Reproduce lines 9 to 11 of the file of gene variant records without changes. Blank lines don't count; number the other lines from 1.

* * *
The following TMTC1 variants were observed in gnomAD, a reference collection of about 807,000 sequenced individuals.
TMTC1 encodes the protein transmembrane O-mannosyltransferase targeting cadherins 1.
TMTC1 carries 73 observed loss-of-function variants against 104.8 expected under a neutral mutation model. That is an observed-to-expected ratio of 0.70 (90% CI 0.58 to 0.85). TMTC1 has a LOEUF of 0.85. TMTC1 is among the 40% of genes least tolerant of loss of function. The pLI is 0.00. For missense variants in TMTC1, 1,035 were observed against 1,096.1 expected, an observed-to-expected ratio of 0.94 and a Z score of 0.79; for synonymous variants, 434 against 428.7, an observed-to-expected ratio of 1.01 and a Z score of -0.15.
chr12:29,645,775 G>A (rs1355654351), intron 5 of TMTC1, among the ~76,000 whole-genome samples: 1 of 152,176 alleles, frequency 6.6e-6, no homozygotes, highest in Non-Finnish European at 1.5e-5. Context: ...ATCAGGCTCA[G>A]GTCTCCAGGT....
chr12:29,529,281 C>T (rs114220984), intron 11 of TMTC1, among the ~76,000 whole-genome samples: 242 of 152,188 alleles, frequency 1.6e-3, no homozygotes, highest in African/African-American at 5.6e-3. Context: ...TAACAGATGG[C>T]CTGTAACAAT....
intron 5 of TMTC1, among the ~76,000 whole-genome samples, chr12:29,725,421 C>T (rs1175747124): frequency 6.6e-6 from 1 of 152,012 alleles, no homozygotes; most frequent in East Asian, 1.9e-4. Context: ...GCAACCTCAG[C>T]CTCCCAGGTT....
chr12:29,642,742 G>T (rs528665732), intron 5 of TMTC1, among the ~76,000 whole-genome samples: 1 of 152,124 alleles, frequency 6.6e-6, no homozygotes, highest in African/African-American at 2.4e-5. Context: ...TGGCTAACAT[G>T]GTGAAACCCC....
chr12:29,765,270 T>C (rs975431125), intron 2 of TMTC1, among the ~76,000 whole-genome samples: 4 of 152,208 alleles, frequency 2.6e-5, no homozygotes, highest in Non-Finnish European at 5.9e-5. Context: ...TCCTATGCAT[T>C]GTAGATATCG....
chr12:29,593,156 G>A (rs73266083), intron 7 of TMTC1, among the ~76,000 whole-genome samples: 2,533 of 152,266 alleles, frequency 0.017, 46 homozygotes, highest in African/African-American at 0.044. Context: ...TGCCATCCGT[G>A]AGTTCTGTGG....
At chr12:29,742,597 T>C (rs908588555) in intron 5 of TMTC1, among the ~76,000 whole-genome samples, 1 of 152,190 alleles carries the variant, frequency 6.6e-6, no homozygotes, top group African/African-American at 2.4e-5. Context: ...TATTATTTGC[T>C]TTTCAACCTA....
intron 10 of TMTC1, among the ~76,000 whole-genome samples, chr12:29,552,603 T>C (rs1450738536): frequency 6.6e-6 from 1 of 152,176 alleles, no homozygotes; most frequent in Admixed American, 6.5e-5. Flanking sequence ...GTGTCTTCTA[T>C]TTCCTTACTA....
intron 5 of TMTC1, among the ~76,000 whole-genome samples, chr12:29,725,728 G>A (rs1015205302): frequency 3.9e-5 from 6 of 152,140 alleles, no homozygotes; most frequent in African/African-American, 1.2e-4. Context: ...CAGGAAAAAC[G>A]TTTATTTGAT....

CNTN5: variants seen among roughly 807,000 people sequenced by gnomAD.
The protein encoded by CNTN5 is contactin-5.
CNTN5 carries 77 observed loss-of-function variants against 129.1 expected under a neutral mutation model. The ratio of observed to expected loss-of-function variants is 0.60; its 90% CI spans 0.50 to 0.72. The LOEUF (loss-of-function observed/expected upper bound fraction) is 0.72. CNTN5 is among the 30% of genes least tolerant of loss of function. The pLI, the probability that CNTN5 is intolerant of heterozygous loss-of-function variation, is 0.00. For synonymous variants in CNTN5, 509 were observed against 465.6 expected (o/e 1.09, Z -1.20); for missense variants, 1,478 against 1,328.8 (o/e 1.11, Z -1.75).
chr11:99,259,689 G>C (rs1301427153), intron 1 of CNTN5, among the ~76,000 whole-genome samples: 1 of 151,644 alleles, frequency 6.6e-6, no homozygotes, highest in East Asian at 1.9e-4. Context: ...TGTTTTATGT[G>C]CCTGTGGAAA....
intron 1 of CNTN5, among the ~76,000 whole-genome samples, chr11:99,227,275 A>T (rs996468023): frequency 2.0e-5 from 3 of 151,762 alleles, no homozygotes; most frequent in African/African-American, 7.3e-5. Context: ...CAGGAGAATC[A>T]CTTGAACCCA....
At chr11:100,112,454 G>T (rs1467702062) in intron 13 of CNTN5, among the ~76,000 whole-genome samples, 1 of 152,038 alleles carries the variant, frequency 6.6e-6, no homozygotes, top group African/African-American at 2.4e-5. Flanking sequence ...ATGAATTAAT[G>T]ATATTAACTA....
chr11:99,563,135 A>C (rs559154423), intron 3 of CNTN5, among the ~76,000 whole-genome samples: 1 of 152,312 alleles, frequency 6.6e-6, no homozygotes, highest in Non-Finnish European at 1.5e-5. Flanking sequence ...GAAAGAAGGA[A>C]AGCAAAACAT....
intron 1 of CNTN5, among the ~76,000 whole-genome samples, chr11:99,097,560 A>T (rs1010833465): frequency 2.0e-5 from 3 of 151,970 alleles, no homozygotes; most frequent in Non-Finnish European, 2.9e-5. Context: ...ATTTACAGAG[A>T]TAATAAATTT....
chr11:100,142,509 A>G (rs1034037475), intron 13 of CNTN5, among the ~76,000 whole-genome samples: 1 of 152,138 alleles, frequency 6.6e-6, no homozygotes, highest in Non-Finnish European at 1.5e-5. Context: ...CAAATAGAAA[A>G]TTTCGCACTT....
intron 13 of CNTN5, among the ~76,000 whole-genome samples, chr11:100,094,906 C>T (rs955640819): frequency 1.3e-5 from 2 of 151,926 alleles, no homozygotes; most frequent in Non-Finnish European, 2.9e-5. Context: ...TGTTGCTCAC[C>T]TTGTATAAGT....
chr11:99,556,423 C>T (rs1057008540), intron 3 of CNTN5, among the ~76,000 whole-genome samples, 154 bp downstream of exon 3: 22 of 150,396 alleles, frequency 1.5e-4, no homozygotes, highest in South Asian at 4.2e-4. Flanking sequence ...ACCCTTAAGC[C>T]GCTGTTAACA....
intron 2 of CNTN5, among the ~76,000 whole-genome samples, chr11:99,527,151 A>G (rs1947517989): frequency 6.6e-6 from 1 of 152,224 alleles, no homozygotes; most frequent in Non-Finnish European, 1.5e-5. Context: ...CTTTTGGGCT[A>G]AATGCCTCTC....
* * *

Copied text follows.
chr12:29,593,156 G>A (rs73266083), intron 7 of TMTC1, among the ~76,000 whole-genome samples: 2,533 of 152,266 alleles, frequency 0.017, 46 homozygotes, highest in African/African-American at 0.044. Context: ...TGCCATCCGT[G>A]AGTTCTGTGG....
At chr12:29,742,597 T>C (rs908588555) in intron 5 of TMTC1, among the ~76,000 whole-genome samples, 1 of 152,190 alleles carries the variant, frequency 6.6e-6, no homozygotes, top group African/African-American at 2.4e-5. Context: ...TATTATTTGC[T>C]TTTCAACCTA....
intron 10 of TMTC1, among the ~76,000 whole-genome samples, chr12:29,552,603 T>C (rs1450738536): frequency 6.6e-6 from 1 of 152,176 alleles, no homozygotes; most frequent in Admixed American, 6.5e-5. Flanking sequence ...GTGTCTTCTA[T>C]TTCCTTACTA....